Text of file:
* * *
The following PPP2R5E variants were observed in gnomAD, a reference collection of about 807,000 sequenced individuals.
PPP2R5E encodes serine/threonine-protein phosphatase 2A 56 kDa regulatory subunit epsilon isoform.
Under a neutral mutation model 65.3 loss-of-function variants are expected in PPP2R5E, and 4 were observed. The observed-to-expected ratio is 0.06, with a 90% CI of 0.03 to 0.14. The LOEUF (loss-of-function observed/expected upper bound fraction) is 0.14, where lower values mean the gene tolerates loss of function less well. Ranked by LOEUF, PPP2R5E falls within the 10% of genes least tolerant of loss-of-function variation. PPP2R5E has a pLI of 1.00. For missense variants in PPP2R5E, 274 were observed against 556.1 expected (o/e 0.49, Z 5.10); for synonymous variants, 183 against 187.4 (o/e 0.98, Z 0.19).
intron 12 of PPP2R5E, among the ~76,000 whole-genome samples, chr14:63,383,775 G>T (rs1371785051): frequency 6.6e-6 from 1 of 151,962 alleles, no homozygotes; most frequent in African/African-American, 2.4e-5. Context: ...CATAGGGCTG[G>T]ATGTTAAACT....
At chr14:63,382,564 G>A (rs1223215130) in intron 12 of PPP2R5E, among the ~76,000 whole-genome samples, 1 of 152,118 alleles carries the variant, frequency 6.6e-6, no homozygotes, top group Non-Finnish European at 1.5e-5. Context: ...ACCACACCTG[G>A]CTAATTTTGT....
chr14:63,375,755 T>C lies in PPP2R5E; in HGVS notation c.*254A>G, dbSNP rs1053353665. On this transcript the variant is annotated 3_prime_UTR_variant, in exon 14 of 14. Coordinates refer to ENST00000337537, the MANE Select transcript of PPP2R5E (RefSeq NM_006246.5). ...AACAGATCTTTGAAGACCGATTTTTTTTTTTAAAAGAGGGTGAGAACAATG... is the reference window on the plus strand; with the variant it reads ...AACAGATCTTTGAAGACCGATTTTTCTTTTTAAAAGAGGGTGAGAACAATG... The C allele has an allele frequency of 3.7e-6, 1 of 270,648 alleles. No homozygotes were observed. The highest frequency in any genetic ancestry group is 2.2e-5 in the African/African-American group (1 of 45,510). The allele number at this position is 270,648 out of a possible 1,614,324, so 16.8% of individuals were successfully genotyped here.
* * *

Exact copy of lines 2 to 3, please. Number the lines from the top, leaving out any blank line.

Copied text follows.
PPP2R5E encodes serine/threonine-protein phosphatase 2A 56 kDa regulatory subunit epsilon isoform.
Under a neutral mutation model 65.3 loss-of-function variants are expected in PPP2R5E, and 4 were observed. The observed-to-expected ratio is 0.06, with a 90% CI of 0.03 to 0.14. The LOEUF (loss-of-function observed/expected upper bound fraction) is 0.14, where lower values mean the gene tolerates loss of function less well. Ranked by LOEUF, PPP2R5E falls within the 10% of genes least tolerant of loss-of-function variation. PPP2R5E has a pLI of 1.00. For missense variants in PPP2R5E, 274 were observed against 556.1 expected (o/e 0.49, Z 5.10); for synonymous variants, 183 against 187.4 (o/e 0.98, Z 0.19).